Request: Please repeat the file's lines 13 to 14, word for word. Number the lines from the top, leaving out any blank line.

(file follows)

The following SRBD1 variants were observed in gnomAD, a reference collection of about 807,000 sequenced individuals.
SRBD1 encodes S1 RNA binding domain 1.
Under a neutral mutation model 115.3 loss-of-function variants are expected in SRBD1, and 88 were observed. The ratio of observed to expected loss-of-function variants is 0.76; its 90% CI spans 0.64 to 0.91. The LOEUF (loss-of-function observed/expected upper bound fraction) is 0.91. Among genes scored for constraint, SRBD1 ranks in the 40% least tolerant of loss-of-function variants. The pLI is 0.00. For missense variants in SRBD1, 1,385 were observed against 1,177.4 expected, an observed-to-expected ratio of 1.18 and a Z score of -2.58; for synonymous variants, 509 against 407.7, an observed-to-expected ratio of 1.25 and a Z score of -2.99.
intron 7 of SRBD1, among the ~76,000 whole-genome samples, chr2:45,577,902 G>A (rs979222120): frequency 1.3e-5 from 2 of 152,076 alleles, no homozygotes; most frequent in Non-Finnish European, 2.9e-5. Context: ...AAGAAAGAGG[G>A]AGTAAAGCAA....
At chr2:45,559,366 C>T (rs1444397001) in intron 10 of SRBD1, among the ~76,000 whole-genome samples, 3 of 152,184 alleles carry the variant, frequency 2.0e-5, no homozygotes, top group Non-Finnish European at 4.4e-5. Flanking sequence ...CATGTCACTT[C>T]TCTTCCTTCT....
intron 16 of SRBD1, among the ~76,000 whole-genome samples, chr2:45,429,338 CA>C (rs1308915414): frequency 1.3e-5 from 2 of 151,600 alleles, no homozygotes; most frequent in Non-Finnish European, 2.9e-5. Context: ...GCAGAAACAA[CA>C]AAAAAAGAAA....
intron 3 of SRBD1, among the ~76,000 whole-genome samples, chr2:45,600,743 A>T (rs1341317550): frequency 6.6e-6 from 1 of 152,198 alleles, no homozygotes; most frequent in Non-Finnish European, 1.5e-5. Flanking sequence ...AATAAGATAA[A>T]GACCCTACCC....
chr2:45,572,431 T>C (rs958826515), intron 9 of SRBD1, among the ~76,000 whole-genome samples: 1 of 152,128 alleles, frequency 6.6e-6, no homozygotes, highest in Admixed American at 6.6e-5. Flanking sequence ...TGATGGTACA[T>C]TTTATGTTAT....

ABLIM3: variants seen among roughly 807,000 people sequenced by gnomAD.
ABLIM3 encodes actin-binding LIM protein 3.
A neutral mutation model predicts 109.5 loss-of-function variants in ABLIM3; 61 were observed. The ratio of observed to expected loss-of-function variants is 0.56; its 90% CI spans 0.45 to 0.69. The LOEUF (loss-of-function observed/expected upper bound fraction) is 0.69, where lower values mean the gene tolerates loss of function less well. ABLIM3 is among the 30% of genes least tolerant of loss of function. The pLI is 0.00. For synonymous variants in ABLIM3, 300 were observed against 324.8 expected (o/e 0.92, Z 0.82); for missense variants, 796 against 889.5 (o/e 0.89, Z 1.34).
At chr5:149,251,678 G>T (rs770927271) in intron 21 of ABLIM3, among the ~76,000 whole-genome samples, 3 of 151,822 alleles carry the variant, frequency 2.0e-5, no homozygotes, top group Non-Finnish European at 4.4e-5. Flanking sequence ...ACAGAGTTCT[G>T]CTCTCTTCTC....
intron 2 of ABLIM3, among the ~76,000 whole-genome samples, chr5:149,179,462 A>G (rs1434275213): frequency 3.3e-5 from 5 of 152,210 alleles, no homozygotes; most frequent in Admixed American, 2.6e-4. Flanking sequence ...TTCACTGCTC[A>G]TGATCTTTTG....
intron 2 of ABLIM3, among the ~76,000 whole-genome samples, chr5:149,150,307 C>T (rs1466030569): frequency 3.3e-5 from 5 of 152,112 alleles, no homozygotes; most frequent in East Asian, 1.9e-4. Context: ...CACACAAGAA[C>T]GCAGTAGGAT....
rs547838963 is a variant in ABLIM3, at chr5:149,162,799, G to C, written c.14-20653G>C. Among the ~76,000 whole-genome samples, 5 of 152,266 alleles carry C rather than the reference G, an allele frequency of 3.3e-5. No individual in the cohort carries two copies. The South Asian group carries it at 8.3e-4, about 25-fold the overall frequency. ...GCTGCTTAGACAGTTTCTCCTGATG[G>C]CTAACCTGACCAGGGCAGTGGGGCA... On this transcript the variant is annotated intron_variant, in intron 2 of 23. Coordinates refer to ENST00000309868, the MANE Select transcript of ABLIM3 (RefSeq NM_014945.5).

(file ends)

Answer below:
intron 2 of ABLIM3, among the ~76,000 whole-genome samples, chr5:149,179,462 A>G (rs1434275213): frequency 3.3e-5 from 5 of 152,210 alleles, no homozygotes; most frequent in Admixed American, 2.6e-4. Flanking sequence ...TTCACTGCTC[A>G]TGATCTTTTG....
intron 2 of ABLIM3, among the ~76,000 whole-genome samples, chr5:149,150,307 C>T (rs1466030569): frequency 3.3e-5 from 5 of 152,112 alleles, no homozygotes; most frequent in East Asian, 1.9e-4. Context: ...CACACAAGAA[C>T]GCAGTAGGAT....